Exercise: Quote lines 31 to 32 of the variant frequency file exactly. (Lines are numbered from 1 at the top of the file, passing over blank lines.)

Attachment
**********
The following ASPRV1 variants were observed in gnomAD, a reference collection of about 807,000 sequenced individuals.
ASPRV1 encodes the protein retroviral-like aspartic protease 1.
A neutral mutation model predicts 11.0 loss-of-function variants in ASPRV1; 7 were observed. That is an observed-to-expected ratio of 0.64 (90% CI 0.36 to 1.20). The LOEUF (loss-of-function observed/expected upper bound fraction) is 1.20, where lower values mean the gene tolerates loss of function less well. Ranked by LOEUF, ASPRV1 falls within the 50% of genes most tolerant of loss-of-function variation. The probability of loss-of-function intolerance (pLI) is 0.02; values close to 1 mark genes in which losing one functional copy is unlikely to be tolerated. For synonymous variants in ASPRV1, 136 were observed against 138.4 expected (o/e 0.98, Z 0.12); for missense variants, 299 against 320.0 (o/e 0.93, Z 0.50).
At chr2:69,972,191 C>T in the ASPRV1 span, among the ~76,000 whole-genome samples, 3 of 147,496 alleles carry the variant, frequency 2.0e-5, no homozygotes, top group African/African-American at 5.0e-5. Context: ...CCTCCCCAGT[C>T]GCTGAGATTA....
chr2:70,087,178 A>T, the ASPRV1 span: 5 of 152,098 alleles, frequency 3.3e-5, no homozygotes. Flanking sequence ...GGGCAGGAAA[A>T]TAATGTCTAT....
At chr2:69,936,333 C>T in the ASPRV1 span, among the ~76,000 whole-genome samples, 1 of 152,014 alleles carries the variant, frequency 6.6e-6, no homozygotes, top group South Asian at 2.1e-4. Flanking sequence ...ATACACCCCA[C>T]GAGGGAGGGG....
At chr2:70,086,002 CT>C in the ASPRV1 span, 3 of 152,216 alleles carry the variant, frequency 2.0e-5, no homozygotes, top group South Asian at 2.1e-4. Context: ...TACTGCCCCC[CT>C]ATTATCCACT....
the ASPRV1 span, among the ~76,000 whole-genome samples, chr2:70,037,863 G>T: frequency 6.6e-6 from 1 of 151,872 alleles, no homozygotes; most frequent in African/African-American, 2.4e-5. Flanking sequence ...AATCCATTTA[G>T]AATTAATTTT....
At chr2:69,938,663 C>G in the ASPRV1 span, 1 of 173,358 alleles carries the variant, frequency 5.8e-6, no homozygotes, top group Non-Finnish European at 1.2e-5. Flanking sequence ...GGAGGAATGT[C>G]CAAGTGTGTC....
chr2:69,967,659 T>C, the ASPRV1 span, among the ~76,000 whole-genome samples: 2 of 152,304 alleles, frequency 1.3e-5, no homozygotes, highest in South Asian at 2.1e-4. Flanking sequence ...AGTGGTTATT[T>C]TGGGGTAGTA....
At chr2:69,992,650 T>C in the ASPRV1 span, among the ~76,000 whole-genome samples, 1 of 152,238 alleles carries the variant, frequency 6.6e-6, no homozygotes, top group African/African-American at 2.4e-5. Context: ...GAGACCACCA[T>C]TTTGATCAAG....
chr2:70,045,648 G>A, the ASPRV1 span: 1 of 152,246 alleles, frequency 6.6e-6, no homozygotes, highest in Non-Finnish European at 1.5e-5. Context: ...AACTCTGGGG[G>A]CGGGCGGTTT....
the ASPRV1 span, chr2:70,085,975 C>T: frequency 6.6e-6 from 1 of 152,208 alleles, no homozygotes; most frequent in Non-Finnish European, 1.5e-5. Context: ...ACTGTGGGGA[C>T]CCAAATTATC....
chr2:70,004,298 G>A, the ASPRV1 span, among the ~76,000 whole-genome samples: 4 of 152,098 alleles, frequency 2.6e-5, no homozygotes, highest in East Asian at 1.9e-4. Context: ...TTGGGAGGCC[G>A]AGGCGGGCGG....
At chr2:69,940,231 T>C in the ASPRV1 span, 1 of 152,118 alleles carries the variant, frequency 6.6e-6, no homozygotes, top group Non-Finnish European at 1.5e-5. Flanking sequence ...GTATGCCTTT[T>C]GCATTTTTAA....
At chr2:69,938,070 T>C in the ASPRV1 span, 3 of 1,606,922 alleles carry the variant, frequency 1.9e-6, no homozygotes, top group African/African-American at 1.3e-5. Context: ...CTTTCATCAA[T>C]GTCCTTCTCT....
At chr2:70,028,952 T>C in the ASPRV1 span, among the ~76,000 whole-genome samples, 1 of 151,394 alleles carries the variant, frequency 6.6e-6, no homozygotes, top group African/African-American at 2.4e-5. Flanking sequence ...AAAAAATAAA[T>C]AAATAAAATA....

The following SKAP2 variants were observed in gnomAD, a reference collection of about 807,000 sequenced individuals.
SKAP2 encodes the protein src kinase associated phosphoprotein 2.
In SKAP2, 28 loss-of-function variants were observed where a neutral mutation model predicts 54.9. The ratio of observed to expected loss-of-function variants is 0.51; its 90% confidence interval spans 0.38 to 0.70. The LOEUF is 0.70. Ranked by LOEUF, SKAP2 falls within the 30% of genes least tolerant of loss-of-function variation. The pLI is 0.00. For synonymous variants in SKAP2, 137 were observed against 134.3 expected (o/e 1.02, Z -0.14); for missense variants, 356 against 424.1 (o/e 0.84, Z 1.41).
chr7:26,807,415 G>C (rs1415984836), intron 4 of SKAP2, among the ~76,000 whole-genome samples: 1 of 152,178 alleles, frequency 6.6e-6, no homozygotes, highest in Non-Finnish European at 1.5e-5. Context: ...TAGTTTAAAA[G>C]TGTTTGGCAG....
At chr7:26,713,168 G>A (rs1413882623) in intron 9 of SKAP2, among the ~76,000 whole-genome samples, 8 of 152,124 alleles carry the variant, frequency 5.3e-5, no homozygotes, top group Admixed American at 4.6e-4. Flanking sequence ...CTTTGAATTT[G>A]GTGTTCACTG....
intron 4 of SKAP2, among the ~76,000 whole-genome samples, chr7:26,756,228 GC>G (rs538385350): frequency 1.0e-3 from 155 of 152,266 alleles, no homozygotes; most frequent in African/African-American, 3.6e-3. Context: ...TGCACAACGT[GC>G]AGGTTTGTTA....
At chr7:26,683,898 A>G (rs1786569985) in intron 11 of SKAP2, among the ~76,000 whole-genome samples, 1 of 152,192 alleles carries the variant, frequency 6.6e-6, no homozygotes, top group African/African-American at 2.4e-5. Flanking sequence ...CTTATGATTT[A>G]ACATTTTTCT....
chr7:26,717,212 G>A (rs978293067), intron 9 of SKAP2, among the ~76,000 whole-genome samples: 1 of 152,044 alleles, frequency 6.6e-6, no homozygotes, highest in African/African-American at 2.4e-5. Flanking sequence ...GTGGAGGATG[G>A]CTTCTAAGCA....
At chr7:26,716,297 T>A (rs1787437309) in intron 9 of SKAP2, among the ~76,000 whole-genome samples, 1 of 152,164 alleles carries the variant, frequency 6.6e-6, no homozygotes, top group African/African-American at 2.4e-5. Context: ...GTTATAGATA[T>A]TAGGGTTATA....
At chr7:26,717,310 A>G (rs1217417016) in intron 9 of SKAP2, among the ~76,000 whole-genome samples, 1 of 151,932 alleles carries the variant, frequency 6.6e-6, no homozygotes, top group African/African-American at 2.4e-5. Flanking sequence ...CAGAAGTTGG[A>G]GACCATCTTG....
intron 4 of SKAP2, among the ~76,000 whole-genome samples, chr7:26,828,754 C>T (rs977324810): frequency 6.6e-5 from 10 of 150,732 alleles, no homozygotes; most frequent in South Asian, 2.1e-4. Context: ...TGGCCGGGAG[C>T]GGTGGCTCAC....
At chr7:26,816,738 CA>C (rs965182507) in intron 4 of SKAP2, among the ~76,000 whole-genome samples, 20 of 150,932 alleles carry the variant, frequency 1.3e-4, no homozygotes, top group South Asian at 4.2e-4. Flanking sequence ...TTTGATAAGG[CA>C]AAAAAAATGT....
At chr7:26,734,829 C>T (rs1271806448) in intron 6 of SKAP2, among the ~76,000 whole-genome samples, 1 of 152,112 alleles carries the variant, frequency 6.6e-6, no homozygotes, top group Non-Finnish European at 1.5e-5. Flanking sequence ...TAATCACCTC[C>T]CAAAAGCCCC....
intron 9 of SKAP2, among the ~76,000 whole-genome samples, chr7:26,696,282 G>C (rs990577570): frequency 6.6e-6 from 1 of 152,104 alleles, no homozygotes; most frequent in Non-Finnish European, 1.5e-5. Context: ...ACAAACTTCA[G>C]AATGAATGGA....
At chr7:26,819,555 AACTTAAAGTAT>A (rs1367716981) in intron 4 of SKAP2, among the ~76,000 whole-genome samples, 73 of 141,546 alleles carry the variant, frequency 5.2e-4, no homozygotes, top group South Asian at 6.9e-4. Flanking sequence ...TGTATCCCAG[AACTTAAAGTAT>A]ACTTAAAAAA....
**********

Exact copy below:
intron 9 of SKAP2, among the ~76,000 whole-genome samples, chr7:26,696,282 G>C (rs990577570): frequency 6.6e-6 from 1 of 152,104 alleles, no homozygotes; most frequent in Non-Finnish European, 1.5e-5. Context: ...ACAAACTTCA[G>C]AATGAATGGA....
At chr7:26,819,555 AACTTAAAGTAT>A (rs1367716981) in intron 4 of SKAP2, among the ~76,000 whole-genome samples, 73 of 141,546 alleles carry the variant, frequency 5.2e-4, no homozygotes, top group South Asian at 6.9e-4. Flanking sequence ...TGTATCCCAG[AACTTAAAGTAT>A]ACTTAAAAAA....